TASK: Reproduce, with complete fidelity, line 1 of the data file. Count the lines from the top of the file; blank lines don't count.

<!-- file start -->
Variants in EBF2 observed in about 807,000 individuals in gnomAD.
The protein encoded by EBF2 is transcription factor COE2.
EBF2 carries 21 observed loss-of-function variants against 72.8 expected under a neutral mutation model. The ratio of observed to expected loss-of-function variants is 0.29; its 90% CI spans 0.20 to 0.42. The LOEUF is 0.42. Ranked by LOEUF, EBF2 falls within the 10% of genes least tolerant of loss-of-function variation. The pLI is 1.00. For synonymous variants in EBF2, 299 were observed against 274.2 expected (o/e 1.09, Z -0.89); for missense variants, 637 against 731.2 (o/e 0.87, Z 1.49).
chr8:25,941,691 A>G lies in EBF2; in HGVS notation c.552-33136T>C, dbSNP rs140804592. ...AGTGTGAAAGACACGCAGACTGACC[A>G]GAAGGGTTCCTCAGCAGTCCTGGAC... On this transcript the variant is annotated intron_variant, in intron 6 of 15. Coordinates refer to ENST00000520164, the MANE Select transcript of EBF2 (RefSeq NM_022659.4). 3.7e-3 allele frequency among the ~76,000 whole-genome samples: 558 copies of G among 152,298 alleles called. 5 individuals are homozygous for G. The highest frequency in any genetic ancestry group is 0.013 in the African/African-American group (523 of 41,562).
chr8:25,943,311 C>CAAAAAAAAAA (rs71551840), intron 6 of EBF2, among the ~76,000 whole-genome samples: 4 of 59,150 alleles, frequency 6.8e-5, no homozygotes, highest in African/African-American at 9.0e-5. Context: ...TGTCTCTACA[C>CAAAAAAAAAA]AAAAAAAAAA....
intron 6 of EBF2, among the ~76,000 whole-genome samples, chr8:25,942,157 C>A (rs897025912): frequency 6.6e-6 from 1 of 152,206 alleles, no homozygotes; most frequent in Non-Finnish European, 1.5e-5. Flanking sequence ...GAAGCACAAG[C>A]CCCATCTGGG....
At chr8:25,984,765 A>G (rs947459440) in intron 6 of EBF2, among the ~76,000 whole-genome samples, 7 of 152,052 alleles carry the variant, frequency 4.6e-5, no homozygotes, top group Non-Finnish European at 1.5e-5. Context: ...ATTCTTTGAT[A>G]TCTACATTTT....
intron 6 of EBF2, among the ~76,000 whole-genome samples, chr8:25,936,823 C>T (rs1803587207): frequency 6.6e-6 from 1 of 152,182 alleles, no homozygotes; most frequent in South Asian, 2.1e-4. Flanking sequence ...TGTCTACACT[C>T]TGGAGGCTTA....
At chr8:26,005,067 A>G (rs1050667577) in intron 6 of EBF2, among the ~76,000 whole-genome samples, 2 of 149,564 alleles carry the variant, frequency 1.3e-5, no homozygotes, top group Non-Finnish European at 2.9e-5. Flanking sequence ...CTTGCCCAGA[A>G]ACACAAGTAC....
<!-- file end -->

Variants in EBF2 observed in about 807,000 individuals in gnomAD.